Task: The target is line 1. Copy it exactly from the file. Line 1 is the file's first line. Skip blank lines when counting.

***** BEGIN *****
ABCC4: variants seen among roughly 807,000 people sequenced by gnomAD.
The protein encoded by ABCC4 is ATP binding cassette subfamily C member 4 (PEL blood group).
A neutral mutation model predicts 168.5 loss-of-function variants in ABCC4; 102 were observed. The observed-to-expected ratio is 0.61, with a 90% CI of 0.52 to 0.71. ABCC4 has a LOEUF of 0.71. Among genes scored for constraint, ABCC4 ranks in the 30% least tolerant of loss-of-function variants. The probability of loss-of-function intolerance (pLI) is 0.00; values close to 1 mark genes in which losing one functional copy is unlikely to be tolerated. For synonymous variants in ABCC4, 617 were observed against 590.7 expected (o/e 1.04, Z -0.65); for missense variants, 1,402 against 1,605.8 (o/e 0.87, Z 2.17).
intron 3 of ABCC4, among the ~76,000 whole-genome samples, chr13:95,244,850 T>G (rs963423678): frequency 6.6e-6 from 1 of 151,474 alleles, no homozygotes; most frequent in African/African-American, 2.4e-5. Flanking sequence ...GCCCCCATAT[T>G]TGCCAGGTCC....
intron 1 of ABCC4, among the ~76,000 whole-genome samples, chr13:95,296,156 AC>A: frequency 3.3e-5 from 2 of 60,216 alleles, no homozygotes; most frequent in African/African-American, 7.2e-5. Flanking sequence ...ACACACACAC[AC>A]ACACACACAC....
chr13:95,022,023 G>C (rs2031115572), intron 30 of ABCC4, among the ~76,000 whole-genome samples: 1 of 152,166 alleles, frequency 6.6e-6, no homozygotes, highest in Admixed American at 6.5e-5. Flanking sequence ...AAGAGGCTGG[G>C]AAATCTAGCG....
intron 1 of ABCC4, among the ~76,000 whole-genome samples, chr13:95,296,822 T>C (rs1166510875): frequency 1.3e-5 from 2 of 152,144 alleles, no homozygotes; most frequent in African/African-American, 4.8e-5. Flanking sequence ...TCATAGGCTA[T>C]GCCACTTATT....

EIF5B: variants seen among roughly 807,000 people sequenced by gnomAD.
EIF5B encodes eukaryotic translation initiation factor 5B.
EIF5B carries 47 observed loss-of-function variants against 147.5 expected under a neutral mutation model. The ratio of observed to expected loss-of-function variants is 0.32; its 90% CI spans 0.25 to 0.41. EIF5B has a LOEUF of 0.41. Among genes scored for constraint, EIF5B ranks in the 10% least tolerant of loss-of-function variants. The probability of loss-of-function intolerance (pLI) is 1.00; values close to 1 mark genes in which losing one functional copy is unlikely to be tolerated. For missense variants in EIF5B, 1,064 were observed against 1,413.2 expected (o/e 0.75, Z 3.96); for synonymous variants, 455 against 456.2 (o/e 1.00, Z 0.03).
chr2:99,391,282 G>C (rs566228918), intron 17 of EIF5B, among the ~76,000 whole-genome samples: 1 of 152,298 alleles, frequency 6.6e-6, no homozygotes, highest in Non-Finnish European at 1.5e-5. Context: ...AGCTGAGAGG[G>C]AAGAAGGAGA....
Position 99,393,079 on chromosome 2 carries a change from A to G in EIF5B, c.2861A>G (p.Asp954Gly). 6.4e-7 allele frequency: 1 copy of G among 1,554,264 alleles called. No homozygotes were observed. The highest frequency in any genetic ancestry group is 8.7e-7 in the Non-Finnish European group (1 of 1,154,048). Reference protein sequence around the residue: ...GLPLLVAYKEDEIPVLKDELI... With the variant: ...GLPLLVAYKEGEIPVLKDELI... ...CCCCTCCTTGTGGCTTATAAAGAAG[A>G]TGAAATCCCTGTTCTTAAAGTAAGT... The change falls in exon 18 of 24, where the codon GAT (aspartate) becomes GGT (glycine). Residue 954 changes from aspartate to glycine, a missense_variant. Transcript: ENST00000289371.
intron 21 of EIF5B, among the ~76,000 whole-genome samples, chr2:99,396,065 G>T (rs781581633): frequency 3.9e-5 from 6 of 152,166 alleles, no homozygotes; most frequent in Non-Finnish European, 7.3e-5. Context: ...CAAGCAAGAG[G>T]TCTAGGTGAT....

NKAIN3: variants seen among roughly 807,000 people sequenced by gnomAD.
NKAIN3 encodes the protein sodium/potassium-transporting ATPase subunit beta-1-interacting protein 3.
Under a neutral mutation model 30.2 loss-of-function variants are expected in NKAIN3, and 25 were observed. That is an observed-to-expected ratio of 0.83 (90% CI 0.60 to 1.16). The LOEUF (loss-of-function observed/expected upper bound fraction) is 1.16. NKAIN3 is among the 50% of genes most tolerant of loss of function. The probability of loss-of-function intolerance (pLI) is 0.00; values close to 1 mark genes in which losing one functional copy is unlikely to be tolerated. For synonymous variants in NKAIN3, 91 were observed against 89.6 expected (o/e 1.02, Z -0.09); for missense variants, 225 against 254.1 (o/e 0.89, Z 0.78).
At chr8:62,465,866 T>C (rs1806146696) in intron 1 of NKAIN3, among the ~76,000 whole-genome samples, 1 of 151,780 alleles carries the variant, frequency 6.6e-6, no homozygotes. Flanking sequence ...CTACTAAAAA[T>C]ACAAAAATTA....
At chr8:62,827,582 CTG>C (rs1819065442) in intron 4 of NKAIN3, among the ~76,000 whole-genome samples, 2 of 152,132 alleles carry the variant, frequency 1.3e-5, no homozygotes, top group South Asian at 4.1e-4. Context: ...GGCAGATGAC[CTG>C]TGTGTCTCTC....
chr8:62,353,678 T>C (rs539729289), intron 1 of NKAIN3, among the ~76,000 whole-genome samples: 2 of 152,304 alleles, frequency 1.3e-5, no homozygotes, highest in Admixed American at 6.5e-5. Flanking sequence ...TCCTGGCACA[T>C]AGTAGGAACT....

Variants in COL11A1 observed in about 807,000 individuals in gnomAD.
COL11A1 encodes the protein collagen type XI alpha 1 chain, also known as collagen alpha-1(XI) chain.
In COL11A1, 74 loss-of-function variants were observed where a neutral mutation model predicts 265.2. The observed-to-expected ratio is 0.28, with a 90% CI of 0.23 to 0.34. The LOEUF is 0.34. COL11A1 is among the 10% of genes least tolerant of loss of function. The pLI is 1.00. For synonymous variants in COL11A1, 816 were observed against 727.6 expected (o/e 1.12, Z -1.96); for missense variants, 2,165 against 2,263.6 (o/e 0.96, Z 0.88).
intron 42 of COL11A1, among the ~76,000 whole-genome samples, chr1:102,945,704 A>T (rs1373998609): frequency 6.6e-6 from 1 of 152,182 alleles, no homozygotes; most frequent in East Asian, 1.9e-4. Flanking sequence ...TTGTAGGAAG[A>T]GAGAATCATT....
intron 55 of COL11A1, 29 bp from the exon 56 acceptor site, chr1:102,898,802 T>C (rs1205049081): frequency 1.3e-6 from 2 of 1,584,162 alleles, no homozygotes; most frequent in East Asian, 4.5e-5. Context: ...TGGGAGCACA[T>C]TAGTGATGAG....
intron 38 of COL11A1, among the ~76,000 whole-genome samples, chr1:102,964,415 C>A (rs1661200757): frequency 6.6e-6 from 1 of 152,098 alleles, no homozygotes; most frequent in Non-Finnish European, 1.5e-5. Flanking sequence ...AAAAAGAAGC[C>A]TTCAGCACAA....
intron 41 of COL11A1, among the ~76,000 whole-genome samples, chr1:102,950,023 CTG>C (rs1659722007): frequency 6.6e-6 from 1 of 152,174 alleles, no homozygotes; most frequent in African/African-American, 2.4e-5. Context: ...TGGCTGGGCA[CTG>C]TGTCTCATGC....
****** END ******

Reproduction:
ABCC4: variants seen among roughly 807,000 people sequenced by gnomAD.